Watson saw a lot more good bounces than bad ones in his day, but a really bad one in 2009 cost him a starring role in what would've been the greatest golf story ever told. More than a quarter century after his last Open victory, and mere weeks before his 60th birthday, Watson was one par from the fairway away from winning again at Turnberry, the place where he proved to himself in 1977 that he could beat the best. He'd defeated Jack Nicklaus there in an epic test of wills, and now he was about to top that feat while Nicklaus watched from his Florida home.
Watson hit a perfect eight-iron toward the green, and millions of heartbroken viewers know what happened next. The ball landed on a down slope and ran long, Watson couldn't get up and down with his putter and Stewart Cink won their playoff. Nicklaus and his wife Barbara cried on their couch, according to Joe Posnanski's defining book on the Watson-Nicklaus rivalry, "The Secret of Golf," and Watson walked into the interview room and made sure the gutted storytellers in the media didn't do the same.
"This ain't a funeral, you know?" he said to a burst of laughter.
Six years later at St. Andrews, Watson wouldn't let himself cry the way he had while joining Nicklaus for his final round in 2005. Watson called retirement for a champion athlete "a little bit like death," but said his only regret was knowing he could no longer hit it long enough and straight enough to compete with the kids from the Old Course to Augusta National, where he will play the Masters next April for the last time.
Branded in his youth as something of a choker, Watson closed his career with eight major titles, one ahead of Arnold Palmer, Gene Sarazen and Sam Snead. He ended up winning 39 PGA Tour events, tormenting Nicklaus on the back nine of the Golden Bear's prime and accomplishing enough titanic things as a player to reduce last year's disastrous turn as Ryder Cup captain to a footnote that's already fading to black.
He had nothing left to do as an active golfer. Nothing except saying goodbye.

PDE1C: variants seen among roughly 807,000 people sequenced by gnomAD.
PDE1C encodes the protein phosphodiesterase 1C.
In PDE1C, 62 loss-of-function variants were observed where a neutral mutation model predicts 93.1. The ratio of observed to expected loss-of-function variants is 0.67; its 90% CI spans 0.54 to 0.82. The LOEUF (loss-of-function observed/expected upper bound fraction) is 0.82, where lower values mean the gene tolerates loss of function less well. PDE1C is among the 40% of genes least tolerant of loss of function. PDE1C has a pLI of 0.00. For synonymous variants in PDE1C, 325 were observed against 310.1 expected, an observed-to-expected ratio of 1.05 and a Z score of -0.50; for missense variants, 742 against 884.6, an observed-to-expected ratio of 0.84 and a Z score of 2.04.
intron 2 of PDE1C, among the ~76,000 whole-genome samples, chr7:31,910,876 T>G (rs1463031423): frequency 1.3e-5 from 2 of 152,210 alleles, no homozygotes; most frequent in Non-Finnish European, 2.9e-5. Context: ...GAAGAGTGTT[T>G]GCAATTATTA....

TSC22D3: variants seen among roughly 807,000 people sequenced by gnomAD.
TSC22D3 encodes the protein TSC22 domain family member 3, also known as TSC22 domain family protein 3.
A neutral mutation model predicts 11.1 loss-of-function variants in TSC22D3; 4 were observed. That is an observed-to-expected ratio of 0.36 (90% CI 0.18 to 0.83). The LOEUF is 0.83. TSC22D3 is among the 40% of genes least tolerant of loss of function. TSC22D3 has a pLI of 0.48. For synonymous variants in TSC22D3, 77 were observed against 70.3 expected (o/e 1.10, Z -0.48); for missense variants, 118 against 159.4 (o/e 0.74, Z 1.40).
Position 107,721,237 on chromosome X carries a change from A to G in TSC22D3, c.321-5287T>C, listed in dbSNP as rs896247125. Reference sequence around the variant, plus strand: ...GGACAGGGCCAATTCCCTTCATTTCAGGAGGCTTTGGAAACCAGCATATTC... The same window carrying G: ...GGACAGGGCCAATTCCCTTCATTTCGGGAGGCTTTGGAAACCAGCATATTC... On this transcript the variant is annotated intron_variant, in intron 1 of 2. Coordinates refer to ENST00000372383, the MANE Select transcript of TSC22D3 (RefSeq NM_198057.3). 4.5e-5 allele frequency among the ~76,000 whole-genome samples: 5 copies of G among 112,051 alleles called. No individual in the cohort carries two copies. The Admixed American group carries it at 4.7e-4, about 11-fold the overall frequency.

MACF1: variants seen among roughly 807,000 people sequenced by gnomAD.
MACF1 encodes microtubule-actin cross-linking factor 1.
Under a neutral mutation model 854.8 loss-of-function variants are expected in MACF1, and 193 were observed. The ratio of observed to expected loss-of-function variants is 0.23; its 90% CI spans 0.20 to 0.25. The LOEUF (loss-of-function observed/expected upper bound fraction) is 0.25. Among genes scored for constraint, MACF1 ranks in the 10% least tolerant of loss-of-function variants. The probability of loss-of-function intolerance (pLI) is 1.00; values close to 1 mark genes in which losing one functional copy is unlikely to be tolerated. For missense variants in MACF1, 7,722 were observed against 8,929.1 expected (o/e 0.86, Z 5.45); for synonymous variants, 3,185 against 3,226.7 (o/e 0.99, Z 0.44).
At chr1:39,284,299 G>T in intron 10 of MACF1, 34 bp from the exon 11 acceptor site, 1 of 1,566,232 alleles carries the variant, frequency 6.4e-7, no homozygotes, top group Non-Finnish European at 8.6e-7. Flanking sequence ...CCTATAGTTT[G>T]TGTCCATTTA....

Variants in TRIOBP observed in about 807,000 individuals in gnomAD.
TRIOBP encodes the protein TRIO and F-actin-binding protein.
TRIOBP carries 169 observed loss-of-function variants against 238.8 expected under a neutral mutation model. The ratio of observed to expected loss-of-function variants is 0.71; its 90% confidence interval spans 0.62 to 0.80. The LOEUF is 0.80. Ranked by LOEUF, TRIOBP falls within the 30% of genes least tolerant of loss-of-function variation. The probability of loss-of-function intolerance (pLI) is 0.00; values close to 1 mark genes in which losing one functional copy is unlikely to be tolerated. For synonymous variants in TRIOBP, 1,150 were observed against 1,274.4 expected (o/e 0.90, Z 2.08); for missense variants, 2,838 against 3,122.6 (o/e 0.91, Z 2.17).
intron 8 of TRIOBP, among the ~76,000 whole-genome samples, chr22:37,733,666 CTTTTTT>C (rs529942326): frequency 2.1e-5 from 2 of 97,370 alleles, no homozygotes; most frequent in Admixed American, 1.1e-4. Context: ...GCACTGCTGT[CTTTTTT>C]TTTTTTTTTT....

When Watson reached the 17th tee, there seemed no way he could possibly avoid a postponement of play and an anticlimactic finish early Saturday morn. "But somehow," Snedeker said, "by the grace of the golfing gods there was a little bit of sunshine there at the end, so we could get those last two holes in."
It wasn't sunshine as much as it was the distant glow of lights from those familiar Old Course buildings. And it wasn't the grace of the golfing gods as much as it was the grace of Thomas Sturges Watson, who told Snedeker and Els to make the call on No. 17.
"Tom was very encouraging to me and Ernie all day, trying to keep us in the tournament," Snedeker said. "He asked us all day if we wanted to finish, not finish. He kept saying, 'Great putts, keep fighting guys, you're right there.' He was very much a great playing partner today. It was not about him at all, and I wouldn't expect anything else."
So Snedeker and Els agreed that they should get Watson safely to the house, even if they could barely see their golf balls and the cups they were aiming at. Snedeker double bogeyed the 17th in a rush, killing his chance to make the cut, and when it was over he acted like he didn't give a damn.
Tom Watson, his idol, struck his final drive at 9:44 p.m., and then summoned his fellow players and their caddies for photos on the Swilcan Bridge. Soon it was Watson posing with Michael, and then Watson alone with his arms thrown wide in touchdown form.
"It was unlike anything I've ever witnessed," Snedeker said.
On the bridge, the 34-year-old pro from Nashville told his idol, "We're getting the hell out of your way. This is your moment. Thanks for the memories."
Watson missed some irrelevant putts on No. 18 and signed for his 80, and then did his last round of interviews while his 32-year-old son guarded the bag outside. Tom had told Michael down the stretch that he shouldn't cry, that this was a time of unmitigated joy.
Michael fought off the tears, barely, while watching his father take in all that love from the fans. "This is the first time I think the emotions got the better of him," Michael said. "I haven't seen that before, but you know what? It's all right."
As the son and caddie spoke near the scoring trailer, dangerous winds picked up and started knocking around railings and posted signs, a reminder of the weather Watson sometimes had to confront while winning four of his five Open titles in Scotland.
Truth is Watson started out as a soft and comfortable American golfer and left this country as another William Wallace.
"It's been one hell of a run," he said.
It ended the way it should've ended for the greatest links player the United States ever produced -- in the raw, gathering darkness, with a crowd of hearty Scots thanking their champion for sticking it out over 40 glorious years.